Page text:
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scrounge: /skrounj/ informal verb: to actively seek [books] from any available source

This is a fun and informative series of books, written and illustrated by Robert E. Wells, that helps introduce some basic science concepts to children. They are geared mainly toward pre-kindergarten through third grade, but they can be enjoyed by any age. 

Our favorite of the ones we've read is How Do You Lift a Lion? which introduces simple machines such as the lever, wheel, and pulley. The illustrations are clear and clever, and show how a lion could be lifted if you had enough leverage. We are also shown how to pull a panda on a pallet, and how it could be possible to deliver a big basket of bananas to a baboon birthday party using pulleys. 

Is a Blue Whale the Biggest Thing There Is? is another entry in the series. Here we are shown progressively bigger things from whales to earth to stars, until we get to the size (or what is known of it) of the whole universe! You definitely feel small after reading this book, and the illlustrations are very amusing at times (such as a crate of "sun-sized oranges" to demonstrate how our sun compares in size to a red supergiant).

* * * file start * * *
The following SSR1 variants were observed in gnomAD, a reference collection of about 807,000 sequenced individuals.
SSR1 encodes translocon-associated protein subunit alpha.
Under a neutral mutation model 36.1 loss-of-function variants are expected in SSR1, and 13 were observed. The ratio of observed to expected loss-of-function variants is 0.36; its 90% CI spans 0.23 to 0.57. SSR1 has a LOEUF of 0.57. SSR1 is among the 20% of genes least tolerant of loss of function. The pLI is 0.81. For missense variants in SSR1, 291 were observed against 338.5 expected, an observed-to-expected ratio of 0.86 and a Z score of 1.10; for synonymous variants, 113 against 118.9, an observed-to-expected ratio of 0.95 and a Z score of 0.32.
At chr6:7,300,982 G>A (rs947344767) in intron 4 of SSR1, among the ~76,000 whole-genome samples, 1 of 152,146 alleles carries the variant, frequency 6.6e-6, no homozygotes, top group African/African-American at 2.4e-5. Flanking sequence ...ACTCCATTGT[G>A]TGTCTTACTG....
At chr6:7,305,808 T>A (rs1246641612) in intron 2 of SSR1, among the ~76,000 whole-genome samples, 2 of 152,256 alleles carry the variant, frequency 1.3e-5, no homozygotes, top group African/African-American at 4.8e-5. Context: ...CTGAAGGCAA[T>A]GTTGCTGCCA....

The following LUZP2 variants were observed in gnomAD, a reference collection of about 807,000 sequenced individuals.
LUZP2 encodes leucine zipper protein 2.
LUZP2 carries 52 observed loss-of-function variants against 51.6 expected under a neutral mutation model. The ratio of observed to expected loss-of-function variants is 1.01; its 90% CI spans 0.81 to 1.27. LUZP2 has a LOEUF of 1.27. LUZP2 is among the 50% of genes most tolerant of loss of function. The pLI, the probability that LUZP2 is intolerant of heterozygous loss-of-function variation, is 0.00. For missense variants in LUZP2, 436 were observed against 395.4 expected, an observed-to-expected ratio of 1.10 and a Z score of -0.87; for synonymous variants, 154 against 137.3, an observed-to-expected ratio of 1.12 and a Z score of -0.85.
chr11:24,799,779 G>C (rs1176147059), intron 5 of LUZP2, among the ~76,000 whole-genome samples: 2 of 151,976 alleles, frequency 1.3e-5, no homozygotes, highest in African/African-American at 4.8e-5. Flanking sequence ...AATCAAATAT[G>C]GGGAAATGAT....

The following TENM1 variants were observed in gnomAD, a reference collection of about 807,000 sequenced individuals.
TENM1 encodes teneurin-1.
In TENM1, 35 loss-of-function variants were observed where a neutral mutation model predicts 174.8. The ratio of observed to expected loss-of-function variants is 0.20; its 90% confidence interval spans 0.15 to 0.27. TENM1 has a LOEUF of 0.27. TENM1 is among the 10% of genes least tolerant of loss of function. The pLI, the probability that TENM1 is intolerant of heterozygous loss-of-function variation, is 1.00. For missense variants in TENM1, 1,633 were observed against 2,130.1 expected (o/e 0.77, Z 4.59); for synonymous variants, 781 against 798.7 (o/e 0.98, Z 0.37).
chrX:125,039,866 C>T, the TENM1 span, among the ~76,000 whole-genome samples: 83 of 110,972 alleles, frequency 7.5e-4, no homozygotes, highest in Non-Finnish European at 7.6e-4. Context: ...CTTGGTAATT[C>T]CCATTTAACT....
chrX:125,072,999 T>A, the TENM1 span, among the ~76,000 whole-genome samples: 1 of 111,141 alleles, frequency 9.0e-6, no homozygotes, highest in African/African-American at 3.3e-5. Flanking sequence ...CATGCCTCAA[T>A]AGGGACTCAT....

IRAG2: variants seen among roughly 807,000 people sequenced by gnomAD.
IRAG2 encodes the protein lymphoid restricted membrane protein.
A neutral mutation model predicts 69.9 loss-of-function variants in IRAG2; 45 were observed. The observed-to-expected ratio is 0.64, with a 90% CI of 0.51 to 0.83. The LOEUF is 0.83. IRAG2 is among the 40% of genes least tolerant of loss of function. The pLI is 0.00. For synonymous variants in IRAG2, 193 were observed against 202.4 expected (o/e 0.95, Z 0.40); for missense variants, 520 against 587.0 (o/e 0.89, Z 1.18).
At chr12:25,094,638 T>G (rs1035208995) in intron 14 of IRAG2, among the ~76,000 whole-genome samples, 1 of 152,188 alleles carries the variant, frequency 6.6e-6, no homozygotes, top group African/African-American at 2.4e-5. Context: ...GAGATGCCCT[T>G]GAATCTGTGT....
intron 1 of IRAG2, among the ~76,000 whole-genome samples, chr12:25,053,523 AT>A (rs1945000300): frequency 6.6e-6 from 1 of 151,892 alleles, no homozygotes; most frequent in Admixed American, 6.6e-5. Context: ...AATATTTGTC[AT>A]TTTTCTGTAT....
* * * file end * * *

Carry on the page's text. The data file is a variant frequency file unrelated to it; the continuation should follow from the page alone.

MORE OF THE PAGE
What's Smaller Than a Pygmy Shrew? covers the same idea, but getting progressively smaller, from a shrew to a ladybug to protozoa and protons. This one may be harder to wrap one's mind around, but does a great job of helping us to visualize the idea that there is a whole kingdom of living organisms that are too small for our eyes to see.

We also enjoy What's Faster Than a Speeding Cheetah? which shows us many things that are faster than a cheetah, such as a peregrine falcon, a rocket, and a meteoroid.

These are the only titles we've read so far, but there are several others that sound just as interesting, such as Why Do Elephants Need the Sun?



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